Asia – South

Eni Expands Deepwater Footprint in Pakistan

Dec 13, 2012 – Through an agreement with Pakistani authorities and OGDCL, the state oil company, Eni acquired 25% and operatorship of Indus Block G in the offshore area of the Indus Basin. The block is situated in an under explored deepwater area and covers roughly 2,895 square miles. To start, Eni will initiate a multi-disciplinary study in order to establish a suitable exploration approach. Eni has maintained a presence in Pakistan since 2000 and this acquisition further strengthens its position in the country.

Australia

Kan Tan IV Secured for Offshore Taranaki Exploration

Dec 12, 2012 – OMV, operator of PEP 51906, secured the Kan Tan IV (mid-water semisub) for the third quarter of 2013 to drill the Matuku prospect offshore New Zealand. Matuku is estimated to hold 65 million barrels of mean recoverable resources. The company has undertaken several studies to de-risk the prospect. Results of the studies indicate the presence of suitable reservoir rock, and adequate seal and a mature source kitchen. Partners in the license include OMV with a 65%interest, Octanex with a 22.5% interest and NZOG who recently farmed-in for a 12.5% stake.

Advertisements

Punch Drunk in the Oval Office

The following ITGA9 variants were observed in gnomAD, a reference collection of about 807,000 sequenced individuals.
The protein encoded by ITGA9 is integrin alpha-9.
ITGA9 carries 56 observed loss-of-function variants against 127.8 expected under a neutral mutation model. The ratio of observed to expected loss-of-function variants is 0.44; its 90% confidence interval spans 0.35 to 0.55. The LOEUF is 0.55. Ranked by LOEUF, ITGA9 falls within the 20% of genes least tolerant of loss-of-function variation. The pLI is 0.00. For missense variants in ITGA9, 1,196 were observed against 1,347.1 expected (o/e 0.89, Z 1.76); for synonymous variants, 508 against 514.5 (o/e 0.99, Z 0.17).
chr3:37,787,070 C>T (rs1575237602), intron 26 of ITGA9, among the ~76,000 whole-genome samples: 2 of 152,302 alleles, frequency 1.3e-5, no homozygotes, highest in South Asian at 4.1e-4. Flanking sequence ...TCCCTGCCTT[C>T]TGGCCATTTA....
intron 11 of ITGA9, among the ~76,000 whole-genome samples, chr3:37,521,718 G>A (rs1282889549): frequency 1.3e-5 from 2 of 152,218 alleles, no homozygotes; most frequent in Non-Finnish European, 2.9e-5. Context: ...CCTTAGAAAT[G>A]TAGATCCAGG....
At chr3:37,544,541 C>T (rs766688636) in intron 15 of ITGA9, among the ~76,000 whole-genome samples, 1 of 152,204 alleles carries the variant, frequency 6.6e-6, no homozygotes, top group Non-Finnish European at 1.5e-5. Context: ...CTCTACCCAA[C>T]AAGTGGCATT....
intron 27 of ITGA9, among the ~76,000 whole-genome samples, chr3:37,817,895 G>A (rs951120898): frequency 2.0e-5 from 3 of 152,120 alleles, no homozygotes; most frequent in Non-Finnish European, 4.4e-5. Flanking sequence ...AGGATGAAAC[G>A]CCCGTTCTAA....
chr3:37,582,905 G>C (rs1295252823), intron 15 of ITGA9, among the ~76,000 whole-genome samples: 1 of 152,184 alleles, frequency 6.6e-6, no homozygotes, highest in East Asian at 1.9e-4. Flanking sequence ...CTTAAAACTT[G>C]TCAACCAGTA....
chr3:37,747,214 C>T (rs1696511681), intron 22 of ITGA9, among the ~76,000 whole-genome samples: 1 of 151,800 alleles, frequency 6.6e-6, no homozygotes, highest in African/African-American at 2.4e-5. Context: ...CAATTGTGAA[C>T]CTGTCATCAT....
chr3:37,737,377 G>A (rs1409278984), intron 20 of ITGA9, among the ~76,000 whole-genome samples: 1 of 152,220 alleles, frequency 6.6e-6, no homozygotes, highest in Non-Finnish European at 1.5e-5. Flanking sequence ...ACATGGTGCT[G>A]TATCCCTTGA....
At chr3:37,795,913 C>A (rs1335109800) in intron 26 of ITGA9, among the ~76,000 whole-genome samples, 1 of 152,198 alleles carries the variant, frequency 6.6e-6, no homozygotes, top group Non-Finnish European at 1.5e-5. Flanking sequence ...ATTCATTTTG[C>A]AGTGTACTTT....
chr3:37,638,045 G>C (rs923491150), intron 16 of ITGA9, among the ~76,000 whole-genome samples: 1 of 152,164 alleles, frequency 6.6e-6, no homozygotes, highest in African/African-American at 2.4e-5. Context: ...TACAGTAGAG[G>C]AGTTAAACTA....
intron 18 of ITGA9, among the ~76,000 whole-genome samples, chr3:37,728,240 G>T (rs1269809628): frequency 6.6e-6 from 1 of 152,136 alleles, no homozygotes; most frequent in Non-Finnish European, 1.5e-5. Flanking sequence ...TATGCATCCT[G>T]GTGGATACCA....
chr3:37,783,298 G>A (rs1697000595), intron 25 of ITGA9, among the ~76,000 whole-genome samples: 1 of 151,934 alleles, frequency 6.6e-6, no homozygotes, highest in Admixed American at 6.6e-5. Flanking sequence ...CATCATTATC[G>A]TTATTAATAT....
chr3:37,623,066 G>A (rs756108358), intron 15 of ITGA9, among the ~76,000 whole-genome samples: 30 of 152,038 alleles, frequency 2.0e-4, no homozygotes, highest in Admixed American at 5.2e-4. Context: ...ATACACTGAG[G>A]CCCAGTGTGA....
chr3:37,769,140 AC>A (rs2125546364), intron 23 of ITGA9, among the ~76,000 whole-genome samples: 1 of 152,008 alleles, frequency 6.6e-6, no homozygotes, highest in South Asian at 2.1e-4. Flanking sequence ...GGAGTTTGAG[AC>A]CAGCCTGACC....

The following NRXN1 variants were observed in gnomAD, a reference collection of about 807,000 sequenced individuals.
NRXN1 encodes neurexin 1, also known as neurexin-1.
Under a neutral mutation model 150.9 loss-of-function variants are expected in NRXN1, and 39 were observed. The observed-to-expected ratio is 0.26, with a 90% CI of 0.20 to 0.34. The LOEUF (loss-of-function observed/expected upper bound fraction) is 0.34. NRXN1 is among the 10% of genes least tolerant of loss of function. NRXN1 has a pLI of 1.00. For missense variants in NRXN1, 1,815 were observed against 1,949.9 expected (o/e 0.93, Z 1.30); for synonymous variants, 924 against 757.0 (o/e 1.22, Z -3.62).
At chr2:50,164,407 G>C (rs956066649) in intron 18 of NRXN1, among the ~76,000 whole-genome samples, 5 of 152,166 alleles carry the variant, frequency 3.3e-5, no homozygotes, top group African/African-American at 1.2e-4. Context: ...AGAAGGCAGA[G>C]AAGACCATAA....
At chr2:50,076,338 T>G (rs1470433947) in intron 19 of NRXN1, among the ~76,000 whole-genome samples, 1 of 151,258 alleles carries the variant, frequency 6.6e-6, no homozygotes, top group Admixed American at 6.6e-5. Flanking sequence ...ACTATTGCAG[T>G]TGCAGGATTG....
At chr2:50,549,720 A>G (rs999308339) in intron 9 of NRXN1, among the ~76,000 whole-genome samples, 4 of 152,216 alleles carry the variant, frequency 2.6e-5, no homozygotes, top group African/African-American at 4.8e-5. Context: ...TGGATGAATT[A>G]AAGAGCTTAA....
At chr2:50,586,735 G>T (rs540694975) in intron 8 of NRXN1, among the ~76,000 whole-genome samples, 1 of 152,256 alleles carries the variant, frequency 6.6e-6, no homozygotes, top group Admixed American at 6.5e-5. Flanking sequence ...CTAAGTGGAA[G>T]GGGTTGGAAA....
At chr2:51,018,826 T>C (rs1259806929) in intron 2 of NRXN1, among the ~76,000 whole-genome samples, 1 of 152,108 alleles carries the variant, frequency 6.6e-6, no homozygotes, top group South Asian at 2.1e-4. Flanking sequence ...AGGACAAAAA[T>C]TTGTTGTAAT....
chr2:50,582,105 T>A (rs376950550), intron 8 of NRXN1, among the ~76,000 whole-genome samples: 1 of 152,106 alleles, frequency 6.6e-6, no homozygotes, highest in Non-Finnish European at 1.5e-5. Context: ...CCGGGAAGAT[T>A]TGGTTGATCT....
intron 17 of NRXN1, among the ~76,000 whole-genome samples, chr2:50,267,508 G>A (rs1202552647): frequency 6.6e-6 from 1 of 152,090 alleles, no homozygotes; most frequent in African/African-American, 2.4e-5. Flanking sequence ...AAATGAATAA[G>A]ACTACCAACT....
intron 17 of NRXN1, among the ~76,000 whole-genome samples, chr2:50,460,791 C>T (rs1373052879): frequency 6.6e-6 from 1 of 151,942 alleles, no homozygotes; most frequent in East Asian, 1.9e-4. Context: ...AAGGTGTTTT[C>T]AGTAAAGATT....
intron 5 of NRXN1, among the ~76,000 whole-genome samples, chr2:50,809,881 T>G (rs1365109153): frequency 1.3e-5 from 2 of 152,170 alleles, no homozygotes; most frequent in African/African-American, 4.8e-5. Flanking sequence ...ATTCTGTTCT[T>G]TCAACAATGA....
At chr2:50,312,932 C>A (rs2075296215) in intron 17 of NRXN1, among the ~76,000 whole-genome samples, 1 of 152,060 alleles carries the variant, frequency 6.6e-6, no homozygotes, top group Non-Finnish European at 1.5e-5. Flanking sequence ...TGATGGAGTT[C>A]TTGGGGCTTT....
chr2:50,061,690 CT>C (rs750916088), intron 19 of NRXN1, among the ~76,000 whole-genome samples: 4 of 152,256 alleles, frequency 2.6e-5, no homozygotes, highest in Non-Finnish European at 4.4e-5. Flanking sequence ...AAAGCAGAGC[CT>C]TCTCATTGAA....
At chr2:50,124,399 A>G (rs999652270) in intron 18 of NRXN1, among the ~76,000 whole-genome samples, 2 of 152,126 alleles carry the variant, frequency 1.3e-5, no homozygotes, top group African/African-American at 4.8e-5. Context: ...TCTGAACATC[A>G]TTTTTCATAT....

image

Helle Dale
March 28, 2012 at 9:15 am

Could someone get the President some new speechwriters? President Obama is woefully in need of new vocabulary, as a recent expose by Danish television hilariously and embarrassingly reveals.

For leaders of smaller nations, a meeting and a photo op with the American President in the White House is always a huge thrill. And so Danish Prime Minister Helle Thorning-Schmidt was no exception when she received the presidential treatment on February 24, basking in the glow of President Obama’s approval. The President (rightly) praised Denmark’s military contribution in Afghanistan and Libya, saying that the small Nordic country of 4.5 million people ”punches above its weight.”

As sweet as this praise must have been to the ears of the Danish prime minister, it was soon tempered by revelations that President Obama is very free with the use of this phrase. Danish television clipped together a montage showing Obama complimenting the leaders of Norway, Ireland, and the Philippines in exactly the same words, all for ”punching above their weight.” President Obama apparently has not used the expression about the British, despite the fact that he borrowed it from British Foreign Minister Douglas Hurd.

The conservative Danish newspaper Jyllands–Posten noted that Obama must really be pleased with the Danes, as he said the same thing to the previous Danish prime minister, Lars Løkke Rasmussen, during his state visit last year, sitting in the very same armchairs under the same picture of George Washington. Meanwhile, an editorial in the left-of-center newspaper Politiken grumbled that it was the unfortunate Danish desire to ”punch above their weight” that had gotten the Danes involved in the Iraq war and other American affairs. The newspaper advocated that Danes stick to their own bantam weight class in the future.